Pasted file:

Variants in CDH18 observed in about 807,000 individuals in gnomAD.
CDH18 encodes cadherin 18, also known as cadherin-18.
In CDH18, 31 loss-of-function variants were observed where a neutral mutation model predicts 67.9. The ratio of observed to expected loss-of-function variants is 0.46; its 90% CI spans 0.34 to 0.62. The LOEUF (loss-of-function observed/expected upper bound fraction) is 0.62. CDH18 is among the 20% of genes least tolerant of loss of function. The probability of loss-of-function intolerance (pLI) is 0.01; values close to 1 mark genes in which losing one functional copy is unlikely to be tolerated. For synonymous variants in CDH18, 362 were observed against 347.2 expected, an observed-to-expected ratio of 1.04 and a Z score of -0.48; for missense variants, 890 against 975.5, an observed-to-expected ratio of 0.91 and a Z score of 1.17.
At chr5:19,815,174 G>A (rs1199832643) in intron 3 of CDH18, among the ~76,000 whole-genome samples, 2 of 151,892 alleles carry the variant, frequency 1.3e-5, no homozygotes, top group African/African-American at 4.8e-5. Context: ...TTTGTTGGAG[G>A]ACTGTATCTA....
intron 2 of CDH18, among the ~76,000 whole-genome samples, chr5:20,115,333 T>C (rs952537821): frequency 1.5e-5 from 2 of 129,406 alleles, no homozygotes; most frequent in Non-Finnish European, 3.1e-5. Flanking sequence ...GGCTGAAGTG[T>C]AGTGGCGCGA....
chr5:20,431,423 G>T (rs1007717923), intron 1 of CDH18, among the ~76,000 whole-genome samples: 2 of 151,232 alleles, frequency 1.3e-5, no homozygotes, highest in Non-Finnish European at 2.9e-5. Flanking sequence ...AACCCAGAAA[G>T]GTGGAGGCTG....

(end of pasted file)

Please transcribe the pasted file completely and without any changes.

Variants in CDH18 observed in about 807,000 individuals in gnomAD.
CDH18 encodes cadherin 18, also known as cadherin-18.
In CDH18, 31 loss-of-function variants were observed where a neutral mutation model predicts 67.9. The ratio of observed to expected loss-of-function variants is 0.46; its 90% CI spans 0.34 to 0.62. The LOEUF (loss-of-function observed/expected upper bound fraction) is 0.62. CDH18 is among the 20% of genes least tolerant of loss of function. The probability of loss-of-function intolerance (pLI) is 0.01; values close to 1 mark genes in which losing one functional copy is unlikely to be tolerated. For synonymous variants in CDH18, 362 were observed against 347.2 expected, an observed-to-expected ratio of 1.04 and a Z score of -0.48; for missense variants, 890 against 975.5, an observed-to-expected ratio of 0.91 and a Z score of 1.17.
At chr5:19,815,174 G>A (rs1199832643) in intron 3 of CDH18, among the ~76,000 whole-genome samples, 2 of 151,892 alleles carry the variant, frequency 1.3e-5, no homozygotes, top group African/African-American at 4.8e-5. Context: ...TTTGTTGGAG[G>A]ACTGTATCTA....
intron 2 of CDH18, among the ~76,000 whole-genome samples, chr5:20,115,333 T>C (rs952537821): frequency 1.5e-5 from 2 of 129,406 alleles, no homozygotes; most frequent in Non-Finnish European, 3.1e-5. Flanking sequence ...GGCTGAAGTG[T>C]AGTGGCGCGA....
chr5:20,431,423 G>T (rs1007717923), intron 1 of CDH18, among the ~76,000 whole-genome samples: 2 of 151,232 alleles, frequency 1.3e-5, no homozygotes, highest in Non-Finnish European at 2.9e-5. Flanking sequence ...AACCCAGAAA[G>T]GTGGAGGCTG....